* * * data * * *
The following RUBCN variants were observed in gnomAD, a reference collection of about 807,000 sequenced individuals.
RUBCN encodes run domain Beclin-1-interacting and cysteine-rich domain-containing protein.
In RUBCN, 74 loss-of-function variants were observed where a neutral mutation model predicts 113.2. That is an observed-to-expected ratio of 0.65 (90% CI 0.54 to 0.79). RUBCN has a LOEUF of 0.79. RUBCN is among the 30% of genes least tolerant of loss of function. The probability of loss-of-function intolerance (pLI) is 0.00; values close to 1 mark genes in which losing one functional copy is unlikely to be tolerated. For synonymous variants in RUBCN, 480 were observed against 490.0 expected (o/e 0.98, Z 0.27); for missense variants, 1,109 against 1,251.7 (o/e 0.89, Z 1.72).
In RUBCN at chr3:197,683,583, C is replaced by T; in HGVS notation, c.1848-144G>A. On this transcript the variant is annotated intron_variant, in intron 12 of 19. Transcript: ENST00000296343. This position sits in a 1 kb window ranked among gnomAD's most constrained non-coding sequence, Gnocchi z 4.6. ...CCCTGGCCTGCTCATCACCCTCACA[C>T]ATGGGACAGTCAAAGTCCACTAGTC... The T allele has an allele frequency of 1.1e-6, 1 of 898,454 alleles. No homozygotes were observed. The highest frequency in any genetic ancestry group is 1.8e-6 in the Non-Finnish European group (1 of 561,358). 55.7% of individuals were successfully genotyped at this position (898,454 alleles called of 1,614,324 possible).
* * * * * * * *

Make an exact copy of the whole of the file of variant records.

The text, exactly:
The following RUBCN variants were observed in gnomAD, a reference collection of about 807,000 sequenced individuals.
RUBCN encodes run domain Beclin-1-interacting and cysteine-rich domain-containing protein.
In RUBCN, 74 loss-of-function variants were observed where a neutral mutation model predicts 113.2. That is an observed-to-expected ratio of 0.65 (90% CI 0.54 to 0.79). RUBCN has a LOEUF of 0.79. RUBCN is among the 30% of genes least tolerant of loss of function. The probability of loss-of-function intolerance (pLI) is 0.00; values close to 1 mark genes in which losing one functional copy is unlikely to be tolerated. For synonymous variants in RUBCN, 480 were observed against 490.0 expected (o/e 0.98, Z 0.27); for missense variants, 1,109 against 1,251.7 (o/e 0.89, Z 1.72).
In RUBCN at chr3:197,683,583, C is replaced by T; in HGVS notation, c.1848-144G>A. On this transcript the variant is annotated intron_variant, in intron 12 of 19. Transcript: ENST00000296343. This position sits in a 1 kb window ranked among gnomAD's most constrained non-coding sequence, Gnocchi z 4.6. ...CCCTGGCCTGCTCATCACCCTCACA[C>T]ATGGGACAGTCAAAGTCCACTAGTC... The T allele has an allele frequency of 1.1e-6, 1 of 898,454 alleles. No homozygotes were observed. The highest frequency in any genetic ancestry group is 1.8e-6 in the Non-Finnish European group (1 of 561,358). 55.7% of individuals were successfully genotyped at this position (898,454 alleles called of 1,614,324 possible).